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Confessions of an English Opium Eater - Thomas de Quincey, Barry Milligan
Confessions of an English Opium Eater
by: (author) (author)
3.41 110
In this remarkable autobiography, Thomas De Quincey hauntingly describes the surreal visions and hallucinatory nocturnal wanderings he took through London—and the nightmares, despair, and paranoia to which he became prey—under the influence of the then-legal painkiller laudanum. Forging a link... show more
In this remarkable autobiography, Thomas De Quincey hauntingly describes the surreal visions and hallucinatory nocturnal wanderings he took through London—and the nightmares, despair, and paranoia to which he became prey—under the influence of the then-legal painkiller laudanum. Forging a link between artistic self-expression and addiction, Confessions seamlessly weaves the effects of drugs and the nature of dreams, memory, and imagination. First published in 1821, it paved the way for later generations of literary drug users, from Baudelaire to Burroughs, and anticipated psychoanalysis with its insights into the subconscious.
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Format: paperback
ISBN: 9780140439014 (0140439013)
ASIN: 140439013
Publisher: Penguin Classics
Pages no: 240
Edition language: English
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Community Reviews
Julian Meynell's Books
Julian Meynell's Books rated it
4.0 De Quincey's Confessions of an English Opium Eater
De Quincey's Confessions of an English Opium Eater is a strange little book which is quite unlike anything I have ever read. It's one of those unique pieces like Pale Fire or Herodotus's Histories where it does not fit neatly into any genre. In a way, it is a drug memoir, but it has large essay li...
EpicFehlReader
EpicFehlReader rated it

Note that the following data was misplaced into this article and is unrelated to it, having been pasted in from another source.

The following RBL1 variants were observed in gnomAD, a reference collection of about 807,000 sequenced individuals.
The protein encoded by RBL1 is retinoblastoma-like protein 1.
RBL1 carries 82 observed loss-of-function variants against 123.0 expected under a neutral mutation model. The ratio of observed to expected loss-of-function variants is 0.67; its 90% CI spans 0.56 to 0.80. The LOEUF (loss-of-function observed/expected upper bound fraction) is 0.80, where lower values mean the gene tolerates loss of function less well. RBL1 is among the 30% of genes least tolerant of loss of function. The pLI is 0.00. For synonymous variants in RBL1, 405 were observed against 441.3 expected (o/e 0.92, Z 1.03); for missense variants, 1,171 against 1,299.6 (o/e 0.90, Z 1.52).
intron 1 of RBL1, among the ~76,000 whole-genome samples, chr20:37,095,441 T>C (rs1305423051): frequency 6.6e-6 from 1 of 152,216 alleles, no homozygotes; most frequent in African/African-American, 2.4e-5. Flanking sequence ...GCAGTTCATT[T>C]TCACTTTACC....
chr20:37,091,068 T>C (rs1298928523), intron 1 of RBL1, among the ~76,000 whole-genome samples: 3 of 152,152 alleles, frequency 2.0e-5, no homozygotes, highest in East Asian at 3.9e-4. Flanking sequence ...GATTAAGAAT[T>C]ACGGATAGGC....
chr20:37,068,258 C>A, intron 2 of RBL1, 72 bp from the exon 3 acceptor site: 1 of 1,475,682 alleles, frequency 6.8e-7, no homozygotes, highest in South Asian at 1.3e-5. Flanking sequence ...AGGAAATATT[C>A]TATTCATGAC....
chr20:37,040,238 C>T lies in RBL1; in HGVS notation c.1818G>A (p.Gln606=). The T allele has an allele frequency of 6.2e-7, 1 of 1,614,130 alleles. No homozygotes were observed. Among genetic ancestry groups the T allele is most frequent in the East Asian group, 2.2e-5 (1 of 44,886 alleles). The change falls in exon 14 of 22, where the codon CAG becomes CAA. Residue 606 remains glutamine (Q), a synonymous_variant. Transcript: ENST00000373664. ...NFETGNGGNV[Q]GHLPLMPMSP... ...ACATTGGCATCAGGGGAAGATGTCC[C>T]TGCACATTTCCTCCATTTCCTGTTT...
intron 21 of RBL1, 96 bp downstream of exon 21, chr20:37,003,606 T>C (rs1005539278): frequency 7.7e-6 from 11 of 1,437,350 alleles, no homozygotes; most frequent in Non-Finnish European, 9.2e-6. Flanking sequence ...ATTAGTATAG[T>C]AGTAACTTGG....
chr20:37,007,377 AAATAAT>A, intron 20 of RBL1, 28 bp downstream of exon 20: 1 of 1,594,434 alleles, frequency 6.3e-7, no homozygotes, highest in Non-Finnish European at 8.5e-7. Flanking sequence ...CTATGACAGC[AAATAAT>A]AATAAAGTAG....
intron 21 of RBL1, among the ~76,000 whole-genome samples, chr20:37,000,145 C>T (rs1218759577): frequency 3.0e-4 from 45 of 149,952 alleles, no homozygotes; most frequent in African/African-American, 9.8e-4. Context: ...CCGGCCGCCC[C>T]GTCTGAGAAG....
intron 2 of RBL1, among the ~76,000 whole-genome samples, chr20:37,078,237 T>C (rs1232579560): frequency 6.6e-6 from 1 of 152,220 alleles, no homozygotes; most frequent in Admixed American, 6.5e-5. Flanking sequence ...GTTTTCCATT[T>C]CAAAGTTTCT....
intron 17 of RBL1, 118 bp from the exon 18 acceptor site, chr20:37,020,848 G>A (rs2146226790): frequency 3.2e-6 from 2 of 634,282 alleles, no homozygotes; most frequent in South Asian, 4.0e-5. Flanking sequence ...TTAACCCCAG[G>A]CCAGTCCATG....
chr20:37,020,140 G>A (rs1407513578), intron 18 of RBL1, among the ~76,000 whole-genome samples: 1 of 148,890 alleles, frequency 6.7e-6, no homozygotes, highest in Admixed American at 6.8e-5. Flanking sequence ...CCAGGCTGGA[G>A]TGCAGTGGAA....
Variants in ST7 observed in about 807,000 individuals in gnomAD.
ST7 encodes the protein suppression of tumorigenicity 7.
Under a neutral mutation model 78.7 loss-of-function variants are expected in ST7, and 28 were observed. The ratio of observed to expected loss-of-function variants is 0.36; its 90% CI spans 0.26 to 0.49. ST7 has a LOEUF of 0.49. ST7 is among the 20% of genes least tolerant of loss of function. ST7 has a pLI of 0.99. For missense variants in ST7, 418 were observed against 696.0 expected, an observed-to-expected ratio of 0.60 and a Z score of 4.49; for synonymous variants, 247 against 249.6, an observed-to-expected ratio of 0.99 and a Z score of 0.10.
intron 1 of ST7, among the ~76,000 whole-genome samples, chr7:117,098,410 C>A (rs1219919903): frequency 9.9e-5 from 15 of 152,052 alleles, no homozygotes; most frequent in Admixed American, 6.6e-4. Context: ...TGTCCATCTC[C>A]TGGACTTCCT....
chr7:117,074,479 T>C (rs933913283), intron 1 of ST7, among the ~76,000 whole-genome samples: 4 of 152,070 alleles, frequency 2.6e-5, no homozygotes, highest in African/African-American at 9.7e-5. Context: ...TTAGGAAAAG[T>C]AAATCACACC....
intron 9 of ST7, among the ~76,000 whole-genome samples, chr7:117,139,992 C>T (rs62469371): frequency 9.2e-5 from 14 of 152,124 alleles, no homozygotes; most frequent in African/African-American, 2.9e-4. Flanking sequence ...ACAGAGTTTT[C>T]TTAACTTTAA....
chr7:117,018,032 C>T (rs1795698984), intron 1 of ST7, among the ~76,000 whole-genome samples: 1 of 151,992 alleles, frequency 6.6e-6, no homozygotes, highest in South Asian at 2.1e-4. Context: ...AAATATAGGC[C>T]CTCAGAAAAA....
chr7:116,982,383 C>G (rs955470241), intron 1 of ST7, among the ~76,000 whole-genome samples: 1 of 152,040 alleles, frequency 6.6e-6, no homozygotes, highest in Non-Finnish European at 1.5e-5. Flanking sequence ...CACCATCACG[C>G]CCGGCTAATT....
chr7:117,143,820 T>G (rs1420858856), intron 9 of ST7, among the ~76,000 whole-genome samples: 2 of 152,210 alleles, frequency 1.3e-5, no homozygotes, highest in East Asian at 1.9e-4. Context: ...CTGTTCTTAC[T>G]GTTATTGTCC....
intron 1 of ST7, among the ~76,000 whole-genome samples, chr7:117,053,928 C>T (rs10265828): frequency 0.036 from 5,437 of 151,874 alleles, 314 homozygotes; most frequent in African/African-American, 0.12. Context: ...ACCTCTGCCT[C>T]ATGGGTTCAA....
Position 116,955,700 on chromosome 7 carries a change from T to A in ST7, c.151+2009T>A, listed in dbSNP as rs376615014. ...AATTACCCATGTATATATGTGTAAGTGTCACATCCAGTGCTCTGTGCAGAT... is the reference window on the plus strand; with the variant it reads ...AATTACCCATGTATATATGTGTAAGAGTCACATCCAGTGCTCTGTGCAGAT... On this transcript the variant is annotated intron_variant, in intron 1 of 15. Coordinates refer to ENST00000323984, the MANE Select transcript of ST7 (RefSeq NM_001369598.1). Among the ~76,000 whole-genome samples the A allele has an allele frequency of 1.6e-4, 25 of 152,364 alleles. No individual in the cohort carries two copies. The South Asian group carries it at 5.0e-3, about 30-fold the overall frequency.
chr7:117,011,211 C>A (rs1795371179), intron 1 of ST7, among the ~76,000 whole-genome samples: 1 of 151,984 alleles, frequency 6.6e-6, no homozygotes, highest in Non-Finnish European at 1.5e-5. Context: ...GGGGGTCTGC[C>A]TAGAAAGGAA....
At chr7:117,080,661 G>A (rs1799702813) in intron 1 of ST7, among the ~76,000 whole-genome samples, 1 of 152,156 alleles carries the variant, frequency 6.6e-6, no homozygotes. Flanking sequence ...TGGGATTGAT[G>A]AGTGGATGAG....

A masterpiece of autobiography, and perhaps the first literary memoir of an addict, the Penguin Classics edition of Thomas De Quincey's Confessions of an English Opium-Eater is edited with an introduction by Barry Milligan. Confessions is a remarkable account of the pleasures and pains of worshippin...
Edward
Edward rated it
4.0 Confessions of an English Opium Eater
AcknowledgementsChronologyIntroductionFurther ReadingA Note on the Texts--Confessions Of An English Opium-Eater--'Suspiria De Profundis'--'The English Mail-Coach'Appendix: Opium in the Nineteenth CenturyGlossaryNotes
Edward
Edward rated it
4.0 Confessions of an English Opium Eater
AcknowledgementsChronologyIntroductionFurther ReadingA Note on the Texts--Confessions Of An English Opium-Eater--'Suspiria De Profundis'--'The English Mail-Coach'Appendix: Opium in the Nineteenth CenturyGlossaryNotes
Return to Oz
Return to Oz rated it
Thomas de Quincey just rambles on and on and on and on....He takes two unparagraphed pages to described why he isn't giving much background because it would be long and boring. Why would you rewrite such rambling trash for a second edition, to make it even more long winded?
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